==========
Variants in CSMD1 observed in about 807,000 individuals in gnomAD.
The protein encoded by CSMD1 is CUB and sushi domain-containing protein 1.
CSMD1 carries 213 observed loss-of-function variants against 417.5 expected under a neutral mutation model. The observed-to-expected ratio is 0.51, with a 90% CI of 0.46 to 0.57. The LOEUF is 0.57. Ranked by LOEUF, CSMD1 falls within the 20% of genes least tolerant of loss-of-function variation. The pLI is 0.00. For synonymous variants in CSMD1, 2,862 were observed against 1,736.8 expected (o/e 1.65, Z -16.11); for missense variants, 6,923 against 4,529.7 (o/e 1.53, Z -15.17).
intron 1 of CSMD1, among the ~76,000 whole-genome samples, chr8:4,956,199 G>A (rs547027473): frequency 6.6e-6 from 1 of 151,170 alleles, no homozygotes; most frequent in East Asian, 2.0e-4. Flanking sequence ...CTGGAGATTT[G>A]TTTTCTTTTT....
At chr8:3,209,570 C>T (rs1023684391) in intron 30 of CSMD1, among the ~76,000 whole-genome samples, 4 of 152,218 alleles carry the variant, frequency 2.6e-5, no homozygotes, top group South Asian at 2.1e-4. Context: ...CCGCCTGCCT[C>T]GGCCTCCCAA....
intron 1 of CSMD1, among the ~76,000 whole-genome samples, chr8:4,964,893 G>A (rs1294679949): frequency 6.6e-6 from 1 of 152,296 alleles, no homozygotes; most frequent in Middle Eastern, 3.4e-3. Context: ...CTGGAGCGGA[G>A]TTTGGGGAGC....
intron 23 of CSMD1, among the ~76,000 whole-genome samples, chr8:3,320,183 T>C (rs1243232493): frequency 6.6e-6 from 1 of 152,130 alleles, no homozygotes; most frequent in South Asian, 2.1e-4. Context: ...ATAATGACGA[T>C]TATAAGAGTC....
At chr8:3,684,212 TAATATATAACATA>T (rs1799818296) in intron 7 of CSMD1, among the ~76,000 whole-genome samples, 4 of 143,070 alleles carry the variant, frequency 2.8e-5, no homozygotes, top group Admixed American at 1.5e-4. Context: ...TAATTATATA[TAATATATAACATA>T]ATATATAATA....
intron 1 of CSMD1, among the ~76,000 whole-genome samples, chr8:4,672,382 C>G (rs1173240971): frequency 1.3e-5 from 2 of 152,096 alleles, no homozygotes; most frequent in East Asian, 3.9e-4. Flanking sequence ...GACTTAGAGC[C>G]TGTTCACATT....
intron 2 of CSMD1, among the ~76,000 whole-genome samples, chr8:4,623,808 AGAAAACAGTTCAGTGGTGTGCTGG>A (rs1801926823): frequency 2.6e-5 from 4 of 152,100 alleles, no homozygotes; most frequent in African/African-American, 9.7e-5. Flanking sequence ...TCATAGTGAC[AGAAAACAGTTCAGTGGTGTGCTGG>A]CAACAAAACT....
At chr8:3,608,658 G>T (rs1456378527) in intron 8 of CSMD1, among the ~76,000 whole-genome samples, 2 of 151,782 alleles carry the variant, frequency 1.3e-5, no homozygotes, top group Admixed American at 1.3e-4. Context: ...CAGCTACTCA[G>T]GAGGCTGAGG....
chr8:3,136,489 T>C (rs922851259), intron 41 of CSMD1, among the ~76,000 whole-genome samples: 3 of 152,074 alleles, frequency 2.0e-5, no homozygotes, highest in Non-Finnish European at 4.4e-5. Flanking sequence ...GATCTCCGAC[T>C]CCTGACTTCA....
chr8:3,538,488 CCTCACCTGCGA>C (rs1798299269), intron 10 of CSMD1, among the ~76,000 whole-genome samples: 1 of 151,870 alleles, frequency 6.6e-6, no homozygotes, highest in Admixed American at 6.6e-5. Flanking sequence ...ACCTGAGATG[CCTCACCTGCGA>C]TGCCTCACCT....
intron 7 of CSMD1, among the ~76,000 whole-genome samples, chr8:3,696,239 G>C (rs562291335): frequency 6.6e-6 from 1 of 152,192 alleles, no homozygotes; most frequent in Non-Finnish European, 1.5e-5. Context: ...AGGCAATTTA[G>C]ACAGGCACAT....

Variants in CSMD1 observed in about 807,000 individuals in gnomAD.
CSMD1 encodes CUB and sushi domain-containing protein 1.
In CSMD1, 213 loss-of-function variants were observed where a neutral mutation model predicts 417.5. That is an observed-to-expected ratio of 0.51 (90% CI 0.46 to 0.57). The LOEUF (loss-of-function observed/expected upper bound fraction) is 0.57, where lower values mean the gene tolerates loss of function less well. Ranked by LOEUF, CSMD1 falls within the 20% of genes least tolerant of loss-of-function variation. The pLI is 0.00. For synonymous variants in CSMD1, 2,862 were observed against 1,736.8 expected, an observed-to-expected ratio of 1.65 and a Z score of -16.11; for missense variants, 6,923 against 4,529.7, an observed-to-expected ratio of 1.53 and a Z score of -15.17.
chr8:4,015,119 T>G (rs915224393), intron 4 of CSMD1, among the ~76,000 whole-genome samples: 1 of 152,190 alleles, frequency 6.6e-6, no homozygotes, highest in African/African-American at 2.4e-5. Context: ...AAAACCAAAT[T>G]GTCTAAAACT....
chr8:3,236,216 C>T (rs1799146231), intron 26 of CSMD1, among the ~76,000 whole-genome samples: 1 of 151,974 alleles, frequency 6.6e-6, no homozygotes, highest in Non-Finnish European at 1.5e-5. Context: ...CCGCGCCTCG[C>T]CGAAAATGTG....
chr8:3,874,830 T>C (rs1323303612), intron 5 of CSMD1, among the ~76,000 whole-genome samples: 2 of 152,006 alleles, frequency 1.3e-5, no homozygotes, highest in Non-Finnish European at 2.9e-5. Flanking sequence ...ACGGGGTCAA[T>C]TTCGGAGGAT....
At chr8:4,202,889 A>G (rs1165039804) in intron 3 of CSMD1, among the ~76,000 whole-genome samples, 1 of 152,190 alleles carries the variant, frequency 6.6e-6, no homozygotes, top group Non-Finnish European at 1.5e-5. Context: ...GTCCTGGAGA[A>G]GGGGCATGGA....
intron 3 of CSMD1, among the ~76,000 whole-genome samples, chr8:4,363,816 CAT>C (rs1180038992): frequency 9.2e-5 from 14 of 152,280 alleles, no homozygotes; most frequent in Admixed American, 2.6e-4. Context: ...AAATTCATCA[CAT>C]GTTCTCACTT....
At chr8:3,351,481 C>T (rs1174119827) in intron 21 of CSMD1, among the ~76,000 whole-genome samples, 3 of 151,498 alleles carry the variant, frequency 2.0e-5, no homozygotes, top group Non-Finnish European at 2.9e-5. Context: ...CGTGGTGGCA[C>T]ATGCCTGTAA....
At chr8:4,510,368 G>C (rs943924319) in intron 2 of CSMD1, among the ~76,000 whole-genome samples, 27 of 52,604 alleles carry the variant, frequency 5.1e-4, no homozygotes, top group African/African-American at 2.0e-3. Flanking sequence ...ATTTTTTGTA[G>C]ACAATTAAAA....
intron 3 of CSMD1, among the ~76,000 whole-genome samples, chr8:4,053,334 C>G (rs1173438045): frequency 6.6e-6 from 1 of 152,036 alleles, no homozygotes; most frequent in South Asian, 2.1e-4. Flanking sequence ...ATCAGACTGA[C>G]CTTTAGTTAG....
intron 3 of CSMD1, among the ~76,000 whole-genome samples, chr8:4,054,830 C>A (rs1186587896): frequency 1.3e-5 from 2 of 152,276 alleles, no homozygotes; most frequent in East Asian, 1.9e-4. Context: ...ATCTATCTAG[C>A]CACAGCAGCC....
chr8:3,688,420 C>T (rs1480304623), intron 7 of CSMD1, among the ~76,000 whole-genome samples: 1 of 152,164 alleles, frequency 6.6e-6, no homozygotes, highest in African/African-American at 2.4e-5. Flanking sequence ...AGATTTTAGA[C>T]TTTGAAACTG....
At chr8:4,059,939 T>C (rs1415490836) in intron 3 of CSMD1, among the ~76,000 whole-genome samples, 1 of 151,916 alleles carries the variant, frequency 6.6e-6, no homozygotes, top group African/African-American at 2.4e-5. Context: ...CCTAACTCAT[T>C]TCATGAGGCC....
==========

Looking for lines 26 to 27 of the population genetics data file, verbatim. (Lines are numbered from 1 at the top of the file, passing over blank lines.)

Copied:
intron 3 of CSMD1, among the ~76,000 whole-genome samples, chr8:4,054,830 C>A (rs1186587896): frequency 1.3e-5 from 2 of 152,276 alleles, no homozygotes; most frequent in East Asian, 1.9e-4. Context: ...ATCTATCTAG[C>A]CACAGCAGCC....
chr8:3,688,420 C>T (rs1480304623), intron 7 of CSMD1, among the ~76,000 whole-genome samples: 1 of 152,164 alleles, frequency 6.6e-6, no homozygotes, highest in African/African-American at 2.4e-5. Flanking sequence ...AGATTTTAGA[C>T]TTTGAAACTG....